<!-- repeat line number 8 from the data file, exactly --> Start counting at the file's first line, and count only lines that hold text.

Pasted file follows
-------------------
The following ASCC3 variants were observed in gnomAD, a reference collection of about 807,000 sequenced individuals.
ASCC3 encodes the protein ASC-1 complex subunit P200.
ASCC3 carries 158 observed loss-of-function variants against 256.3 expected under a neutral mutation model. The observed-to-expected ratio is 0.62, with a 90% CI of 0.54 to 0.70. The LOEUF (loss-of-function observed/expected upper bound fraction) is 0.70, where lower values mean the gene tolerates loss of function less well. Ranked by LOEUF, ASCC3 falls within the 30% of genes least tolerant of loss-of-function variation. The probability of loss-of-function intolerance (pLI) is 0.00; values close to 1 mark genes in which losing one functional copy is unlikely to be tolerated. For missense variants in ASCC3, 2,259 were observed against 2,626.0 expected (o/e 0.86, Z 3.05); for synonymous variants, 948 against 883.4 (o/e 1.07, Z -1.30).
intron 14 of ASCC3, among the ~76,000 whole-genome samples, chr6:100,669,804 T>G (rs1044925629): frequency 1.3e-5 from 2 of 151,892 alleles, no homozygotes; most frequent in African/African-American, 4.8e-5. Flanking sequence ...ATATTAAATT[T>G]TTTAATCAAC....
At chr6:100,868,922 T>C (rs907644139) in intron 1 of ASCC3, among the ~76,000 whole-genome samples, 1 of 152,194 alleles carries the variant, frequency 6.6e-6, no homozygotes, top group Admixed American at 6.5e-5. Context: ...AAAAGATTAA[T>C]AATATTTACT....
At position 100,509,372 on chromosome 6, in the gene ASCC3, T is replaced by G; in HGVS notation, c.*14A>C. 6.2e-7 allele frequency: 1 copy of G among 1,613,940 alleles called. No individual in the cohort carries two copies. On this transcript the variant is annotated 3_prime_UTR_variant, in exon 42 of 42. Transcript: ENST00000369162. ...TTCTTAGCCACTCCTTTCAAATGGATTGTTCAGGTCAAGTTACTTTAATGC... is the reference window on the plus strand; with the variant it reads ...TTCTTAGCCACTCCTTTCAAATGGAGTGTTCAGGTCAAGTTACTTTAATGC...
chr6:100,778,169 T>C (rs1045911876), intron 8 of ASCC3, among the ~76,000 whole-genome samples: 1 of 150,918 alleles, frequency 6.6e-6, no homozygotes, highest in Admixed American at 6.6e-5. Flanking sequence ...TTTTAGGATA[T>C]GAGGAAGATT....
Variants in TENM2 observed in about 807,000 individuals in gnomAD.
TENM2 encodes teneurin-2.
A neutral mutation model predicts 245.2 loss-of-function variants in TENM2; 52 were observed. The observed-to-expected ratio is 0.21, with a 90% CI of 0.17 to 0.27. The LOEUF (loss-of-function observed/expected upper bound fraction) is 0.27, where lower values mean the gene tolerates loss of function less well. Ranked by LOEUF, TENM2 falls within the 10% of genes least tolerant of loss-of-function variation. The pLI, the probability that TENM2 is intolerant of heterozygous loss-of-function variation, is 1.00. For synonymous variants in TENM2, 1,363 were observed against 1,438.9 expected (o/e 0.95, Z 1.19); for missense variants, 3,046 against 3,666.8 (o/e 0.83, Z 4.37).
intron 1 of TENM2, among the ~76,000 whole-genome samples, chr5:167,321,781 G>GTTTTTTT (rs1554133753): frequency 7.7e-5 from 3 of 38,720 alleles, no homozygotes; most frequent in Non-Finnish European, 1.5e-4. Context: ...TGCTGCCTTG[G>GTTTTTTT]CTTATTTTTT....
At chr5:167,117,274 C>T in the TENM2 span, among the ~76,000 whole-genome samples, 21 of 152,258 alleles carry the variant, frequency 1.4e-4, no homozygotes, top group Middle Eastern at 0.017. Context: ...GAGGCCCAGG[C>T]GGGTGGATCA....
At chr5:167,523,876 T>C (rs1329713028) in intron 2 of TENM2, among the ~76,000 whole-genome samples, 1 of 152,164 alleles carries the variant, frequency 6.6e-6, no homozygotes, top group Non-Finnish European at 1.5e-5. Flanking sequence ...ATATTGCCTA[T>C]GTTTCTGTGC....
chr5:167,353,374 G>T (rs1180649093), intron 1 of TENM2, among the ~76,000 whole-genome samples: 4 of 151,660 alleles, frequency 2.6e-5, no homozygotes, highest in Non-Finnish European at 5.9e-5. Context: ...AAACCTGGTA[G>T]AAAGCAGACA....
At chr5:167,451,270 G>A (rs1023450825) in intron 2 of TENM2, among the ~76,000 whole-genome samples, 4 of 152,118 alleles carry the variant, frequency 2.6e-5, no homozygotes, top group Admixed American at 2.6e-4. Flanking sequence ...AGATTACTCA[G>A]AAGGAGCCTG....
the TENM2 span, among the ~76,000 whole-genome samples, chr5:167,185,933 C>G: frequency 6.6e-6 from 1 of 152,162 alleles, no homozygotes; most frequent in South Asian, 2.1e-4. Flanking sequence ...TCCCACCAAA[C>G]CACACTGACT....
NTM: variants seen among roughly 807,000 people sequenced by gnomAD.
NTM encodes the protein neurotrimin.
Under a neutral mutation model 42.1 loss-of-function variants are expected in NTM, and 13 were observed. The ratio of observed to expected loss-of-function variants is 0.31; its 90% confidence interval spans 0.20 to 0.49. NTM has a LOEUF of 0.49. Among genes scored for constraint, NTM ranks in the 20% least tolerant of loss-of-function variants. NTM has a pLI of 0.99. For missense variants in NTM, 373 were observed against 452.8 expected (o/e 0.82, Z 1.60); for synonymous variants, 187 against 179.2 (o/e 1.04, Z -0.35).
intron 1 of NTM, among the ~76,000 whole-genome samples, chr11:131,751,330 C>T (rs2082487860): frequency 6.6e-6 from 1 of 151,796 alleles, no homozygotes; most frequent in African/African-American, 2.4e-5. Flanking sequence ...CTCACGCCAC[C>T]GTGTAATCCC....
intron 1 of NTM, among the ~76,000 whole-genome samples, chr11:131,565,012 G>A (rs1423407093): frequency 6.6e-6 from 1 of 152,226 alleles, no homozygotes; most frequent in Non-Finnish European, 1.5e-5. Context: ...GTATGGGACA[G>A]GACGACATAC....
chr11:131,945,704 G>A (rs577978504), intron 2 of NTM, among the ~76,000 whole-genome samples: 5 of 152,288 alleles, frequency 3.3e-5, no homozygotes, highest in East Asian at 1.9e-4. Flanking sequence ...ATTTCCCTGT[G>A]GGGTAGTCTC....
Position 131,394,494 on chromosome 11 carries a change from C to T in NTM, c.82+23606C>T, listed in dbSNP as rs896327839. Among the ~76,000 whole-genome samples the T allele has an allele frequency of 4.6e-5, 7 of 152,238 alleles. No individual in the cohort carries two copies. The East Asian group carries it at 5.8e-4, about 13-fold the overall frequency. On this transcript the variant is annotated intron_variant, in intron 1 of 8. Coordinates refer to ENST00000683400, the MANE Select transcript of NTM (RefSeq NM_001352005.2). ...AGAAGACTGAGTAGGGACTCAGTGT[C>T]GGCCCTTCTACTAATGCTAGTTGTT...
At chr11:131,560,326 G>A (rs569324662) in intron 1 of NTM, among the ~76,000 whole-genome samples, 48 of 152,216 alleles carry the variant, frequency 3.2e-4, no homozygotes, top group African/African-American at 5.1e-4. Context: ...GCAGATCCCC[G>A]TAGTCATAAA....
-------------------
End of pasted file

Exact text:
Variants in TENM2 observed in about 807,000 individuals in gnomAD.